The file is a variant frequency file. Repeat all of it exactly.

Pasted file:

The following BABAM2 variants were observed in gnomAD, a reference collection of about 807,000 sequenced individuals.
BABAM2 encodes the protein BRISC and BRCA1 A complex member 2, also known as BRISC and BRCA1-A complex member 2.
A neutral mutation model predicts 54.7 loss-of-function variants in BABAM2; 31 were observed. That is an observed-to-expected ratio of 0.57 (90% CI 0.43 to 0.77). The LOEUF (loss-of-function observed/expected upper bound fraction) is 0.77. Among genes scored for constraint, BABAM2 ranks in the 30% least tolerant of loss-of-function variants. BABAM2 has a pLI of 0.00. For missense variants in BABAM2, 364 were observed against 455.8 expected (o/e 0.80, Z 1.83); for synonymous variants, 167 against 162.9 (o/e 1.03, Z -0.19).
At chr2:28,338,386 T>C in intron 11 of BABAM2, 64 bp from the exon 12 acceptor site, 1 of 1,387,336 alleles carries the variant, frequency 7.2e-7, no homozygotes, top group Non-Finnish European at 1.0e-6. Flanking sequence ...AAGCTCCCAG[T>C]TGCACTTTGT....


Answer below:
The following BABAM2 variants were observed in gnomAD, a reference collection of about 807,000 sequenced individuals.
BABAM2 encodes the protein BRISC and BRCA1 A complex member 2, also known as BRISC and BRCA1-A complex member 2.
A neutral mutation model predicts 54.7 loss-of-function variants in BABAM2; 31 were observed. That is an observed-to-expected ratio of 0.57 (90% CI 0.43 to 0.77). The LOEUF (loss-of-function observed/expected upper bound fraction) is 0.77. Among genes scored for constraint, BABAM2 ranks in the 30% least tolerant of loss-of-function variants. BABAM2 has a pLI of 0.00. For missense variants in BABAM2, 364 were observed against 455.8 expected (o/e 0.80, Z 1.83); for synonymous variants, 167 against 162.9 (o/e 1.03, Z -0.19).
At chr2:28,338,386 T>C in intron 11 of BABAM2, 64 bp from the exon 12 acceptor site, 1 of 1,387,336 alleles carries the variant, frequency 7.2e-7, no homozygotes, top group Non-Finnish European at 1.0e-6. Flanking sequence ...AAGCTCCCAG[T>C]TGCACTTTGT....